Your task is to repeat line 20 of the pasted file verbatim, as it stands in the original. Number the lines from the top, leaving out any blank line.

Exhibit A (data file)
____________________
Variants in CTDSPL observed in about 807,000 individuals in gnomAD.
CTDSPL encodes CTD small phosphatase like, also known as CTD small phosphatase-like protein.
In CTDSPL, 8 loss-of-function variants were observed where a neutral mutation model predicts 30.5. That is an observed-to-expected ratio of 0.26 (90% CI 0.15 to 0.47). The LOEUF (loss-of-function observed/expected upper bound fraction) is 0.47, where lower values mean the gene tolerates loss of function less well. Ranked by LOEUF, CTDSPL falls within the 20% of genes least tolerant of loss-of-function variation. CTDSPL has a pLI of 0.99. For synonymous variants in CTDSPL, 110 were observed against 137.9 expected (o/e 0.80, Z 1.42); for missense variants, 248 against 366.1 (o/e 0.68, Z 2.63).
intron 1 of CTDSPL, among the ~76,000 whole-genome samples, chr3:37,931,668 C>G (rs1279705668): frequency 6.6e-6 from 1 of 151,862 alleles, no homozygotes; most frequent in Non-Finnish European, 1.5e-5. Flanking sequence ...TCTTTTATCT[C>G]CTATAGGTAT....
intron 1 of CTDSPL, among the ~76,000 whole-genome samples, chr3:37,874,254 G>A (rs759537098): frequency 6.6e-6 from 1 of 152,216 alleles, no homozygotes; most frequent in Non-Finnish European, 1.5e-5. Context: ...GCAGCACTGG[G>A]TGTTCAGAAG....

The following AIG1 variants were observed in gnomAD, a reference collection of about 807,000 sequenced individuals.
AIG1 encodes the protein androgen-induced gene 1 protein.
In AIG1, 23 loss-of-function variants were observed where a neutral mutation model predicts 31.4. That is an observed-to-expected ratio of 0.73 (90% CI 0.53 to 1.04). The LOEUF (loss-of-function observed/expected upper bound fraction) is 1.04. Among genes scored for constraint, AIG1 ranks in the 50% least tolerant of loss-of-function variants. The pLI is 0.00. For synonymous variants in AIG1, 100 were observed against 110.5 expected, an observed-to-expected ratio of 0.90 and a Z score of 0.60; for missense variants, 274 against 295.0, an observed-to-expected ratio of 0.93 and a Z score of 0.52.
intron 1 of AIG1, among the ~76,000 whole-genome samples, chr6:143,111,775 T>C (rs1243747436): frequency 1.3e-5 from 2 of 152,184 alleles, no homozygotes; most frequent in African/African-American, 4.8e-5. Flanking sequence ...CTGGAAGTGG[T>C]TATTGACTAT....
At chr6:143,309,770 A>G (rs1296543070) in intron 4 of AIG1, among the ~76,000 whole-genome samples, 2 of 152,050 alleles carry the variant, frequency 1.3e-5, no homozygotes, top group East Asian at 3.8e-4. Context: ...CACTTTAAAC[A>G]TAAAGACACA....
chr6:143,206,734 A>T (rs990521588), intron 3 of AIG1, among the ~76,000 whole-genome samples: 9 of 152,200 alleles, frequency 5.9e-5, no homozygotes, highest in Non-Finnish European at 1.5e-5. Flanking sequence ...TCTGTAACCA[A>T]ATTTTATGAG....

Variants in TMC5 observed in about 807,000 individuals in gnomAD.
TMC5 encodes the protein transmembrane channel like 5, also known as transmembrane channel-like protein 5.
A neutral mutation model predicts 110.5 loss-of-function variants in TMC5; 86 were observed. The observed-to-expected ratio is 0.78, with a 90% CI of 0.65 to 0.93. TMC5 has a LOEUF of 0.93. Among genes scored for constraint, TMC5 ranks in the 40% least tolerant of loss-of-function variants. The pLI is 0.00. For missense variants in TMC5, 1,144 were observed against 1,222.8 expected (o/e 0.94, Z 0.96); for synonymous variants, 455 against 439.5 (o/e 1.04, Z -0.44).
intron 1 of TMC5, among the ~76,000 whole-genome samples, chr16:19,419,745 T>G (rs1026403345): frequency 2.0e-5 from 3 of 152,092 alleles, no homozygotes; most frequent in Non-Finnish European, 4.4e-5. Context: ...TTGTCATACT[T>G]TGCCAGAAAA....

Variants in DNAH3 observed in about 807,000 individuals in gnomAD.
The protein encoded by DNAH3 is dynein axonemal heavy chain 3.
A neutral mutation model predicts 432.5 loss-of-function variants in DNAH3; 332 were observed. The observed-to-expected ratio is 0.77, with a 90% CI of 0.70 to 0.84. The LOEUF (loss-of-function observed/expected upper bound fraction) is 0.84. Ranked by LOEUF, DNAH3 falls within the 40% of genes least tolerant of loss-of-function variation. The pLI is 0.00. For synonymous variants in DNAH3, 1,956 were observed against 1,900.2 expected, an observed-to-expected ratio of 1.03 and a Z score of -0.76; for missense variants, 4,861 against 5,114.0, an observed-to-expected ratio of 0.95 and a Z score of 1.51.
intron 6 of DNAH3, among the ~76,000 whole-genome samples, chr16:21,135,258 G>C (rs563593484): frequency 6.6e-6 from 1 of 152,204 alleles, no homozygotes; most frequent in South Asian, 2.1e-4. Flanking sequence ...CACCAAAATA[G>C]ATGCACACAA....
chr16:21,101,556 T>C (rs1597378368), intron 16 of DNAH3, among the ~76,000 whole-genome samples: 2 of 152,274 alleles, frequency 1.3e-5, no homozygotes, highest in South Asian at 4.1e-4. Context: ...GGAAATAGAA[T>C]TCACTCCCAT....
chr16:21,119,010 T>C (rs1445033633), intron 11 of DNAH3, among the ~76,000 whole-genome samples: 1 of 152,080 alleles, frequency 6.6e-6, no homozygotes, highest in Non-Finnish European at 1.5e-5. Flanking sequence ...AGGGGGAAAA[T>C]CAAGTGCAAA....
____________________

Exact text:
chr16:21,101,556 T>C (rs1597378368), intron 16 of DNAH3, among the ~76,000 whole-genome samples: 2 of 152,274 alleles, frequency 1.3e-5, no homozygotes, highest in South Asian at 4.1e-4. Context: ...GGAAATAGAA[T>C]TCACTCCCAT....